Historical Albion Michigan
By Frank Passic

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Any photos not otherwise credited are from the personal collection of Frank Passic, Albion Historian.

KOROLUK CONFECTIONARY

Morning Star, March 9, 1997, pg. 6

In Albionís history there have been numerous candy and soda shops, particularly in the early 20th century. Many of these bore an ethnic flavor, being owned by immigrants from such countries as Greece or Russia. These were often social meeting places after school events, and each had their own particular specialities which attracted the youth of Albion.

One place that was popular during the 1930s and 1940s was the Koroluk Confectionery, located at 610 Austin Avenue. Operated by Paul Koroluk (1888-1967), those persons growing up on the West End enjoyed frequenting this establishment. It was known for its particular brand of candy which he sold, as well as providing a place to sit and talk while enjoying a soda or an ice cream sundae.

Koroluk also sold groceries at this establishment, which reminds us that the subject of neighborhood grocery stores around Albion is certainly a topic which we should explore in this column in the future. Koroluk lived in the rear of his establishment, and was single.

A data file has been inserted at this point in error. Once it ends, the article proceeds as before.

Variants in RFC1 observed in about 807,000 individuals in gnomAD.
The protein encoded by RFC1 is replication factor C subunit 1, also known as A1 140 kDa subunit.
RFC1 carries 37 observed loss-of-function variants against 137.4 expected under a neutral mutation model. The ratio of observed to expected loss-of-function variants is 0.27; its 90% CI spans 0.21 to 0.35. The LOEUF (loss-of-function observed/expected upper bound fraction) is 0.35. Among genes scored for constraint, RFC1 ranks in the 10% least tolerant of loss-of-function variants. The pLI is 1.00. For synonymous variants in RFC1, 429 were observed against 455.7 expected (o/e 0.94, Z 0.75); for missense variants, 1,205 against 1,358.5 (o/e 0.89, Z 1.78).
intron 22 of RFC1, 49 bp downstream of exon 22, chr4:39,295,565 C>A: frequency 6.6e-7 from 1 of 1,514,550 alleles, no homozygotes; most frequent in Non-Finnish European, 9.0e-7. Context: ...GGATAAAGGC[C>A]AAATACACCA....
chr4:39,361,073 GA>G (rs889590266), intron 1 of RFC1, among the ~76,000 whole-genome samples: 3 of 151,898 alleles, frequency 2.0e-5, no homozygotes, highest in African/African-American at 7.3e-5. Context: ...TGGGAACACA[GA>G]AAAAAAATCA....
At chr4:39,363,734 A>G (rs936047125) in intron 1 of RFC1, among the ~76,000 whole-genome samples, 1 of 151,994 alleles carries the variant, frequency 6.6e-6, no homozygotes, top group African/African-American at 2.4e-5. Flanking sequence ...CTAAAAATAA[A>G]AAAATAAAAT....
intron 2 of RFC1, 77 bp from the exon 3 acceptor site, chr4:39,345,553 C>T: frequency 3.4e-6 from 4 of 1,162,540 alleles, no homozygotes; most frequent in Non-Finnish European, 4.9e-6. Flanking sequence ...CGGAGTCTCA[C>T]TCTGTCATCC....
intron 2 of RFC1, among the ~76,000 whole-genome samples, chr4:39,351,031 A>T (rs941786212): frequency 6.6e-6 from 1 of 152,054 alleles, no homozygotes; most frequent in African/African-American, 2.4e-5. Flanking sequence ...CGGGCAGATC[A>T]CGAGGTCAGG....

Koroluk was a native of White Russia (now Belarus), and as was the case with several Albion families, was a native of the Grodno area. After coming to America, Paul first lived in Pennsylvania, and then came to Albion in 1927. He operated his store until his retirement in 1948, at which time he sold his business to his cousin Russell Krusik.

Paul was a member of the Russian Ascension Orthodox Church. He met an untimely death in 1967 following an evening service, while crossing Austin Avenue in front of the church to enter a waiting car on the other side of the street. He was struck by an eastbound car and hurled 108 feet to his death. At the time of his death he was survived by his three cousins: Russell and Stella Krusik, and William Lazarchuk.

From our Historical Notebook this week we present a photo from the early 1940s showing Koroluk at his soda fountain, with the "Artic Ice Cream" sign behind him. How many persons remember going to Korolukís? What was the name of the special candy he sold?


Paul Koroluk at his soda fountain

Next: MYMOCHOD WEST END MARKET


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